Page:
article

A novel approach to unravelling the mysteries of Alzheimer’s

The heterogenous and dynamic nature of protein aggregates makes them a particularly challenging class of structures to study. In this article, Professor Tuomas Knowles and Dr Sean Devenish present a novel approach to studying protein structures that could aid in understanding the complexities of Alzheimer’s disease and identify future therapeutic targets.

THE MOLECULAR machinery of living cells is largely built from protein molecules. These components interact to form complexes that drive most cellular functions. In many cases, proteins find their correct partners and self-assemble into their intended structures without difficulty. In rare cases, however, proteins may bind to an incorrect partner, or to the correct partner but in an incorrect manner, resulting in the formation of aberrant complexes, which are, in most cases, associated with disease. One of the most dramatic manifestations of this type of protein misassembly is the formation of amyloid aggregates in Alzheimer’s disease. With nearly 10 million new cases every year – one every three seconds – dementia is already a public health priority and with cases set to triple and reach 152 million by 2050,1 new experimental methods to understand the aberrant molecular structures formed in diseases such as Alzheimer’s are critical to develop new drugs.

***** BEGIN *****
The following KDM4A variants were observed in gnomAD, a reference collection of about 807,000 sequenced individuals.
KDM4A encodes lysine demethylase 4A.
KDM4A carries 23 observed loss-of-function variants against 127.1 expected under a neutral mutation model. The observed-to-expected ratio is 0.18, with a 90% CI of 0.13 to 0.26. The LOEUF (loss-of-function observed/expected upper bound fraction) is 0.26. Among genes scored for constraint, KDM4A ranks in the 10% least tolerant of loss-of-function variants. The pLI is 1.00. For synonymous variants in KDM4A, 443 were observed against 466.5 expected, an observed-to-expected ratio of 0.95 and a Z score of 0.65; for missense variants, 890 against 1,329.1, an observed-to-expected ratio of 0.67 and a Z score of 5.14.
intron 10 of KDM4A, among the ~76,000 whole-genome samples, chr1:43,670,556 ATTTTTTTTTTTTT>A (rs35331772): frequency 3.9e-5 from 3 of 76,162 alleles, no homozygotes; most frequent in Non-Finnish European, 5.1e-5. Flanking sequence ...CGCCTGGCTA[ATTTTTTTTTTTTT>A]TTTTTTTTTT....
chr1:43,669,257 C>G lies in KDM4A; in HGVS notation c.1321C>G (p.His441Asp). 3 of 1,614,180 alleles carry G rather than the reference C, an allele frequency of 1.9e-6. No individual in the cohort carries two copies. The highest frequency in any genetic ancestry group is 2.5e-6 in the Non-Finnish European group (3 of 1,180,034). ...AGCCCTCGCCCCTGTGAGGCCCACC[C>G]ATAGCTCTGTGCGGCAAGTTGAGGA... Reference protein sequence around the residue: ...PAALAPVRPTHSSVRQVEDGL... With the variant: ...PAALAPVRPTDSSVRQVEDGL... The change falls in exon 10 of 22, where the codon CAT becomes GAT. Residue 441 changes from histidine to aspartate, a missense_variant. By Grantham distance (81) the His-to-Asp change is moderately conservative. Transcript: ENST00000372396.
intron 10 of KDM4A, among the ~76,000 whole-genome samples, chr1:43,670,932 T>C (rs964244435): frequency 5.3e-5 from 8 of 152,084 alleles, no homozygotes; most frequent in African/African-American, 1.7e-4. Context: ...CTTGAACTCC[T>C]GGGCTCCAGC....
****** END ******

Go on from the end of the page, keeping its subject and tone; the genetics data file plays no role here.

To read this article in full, please complete the form below. By clicking submit you confirm that you accept our terms and conditions and privacy policy.


*

*

*

*

*

*

*

*

This content is provided to you for free thanks to the kind support of our sponsor: Agilent

Send this to a friend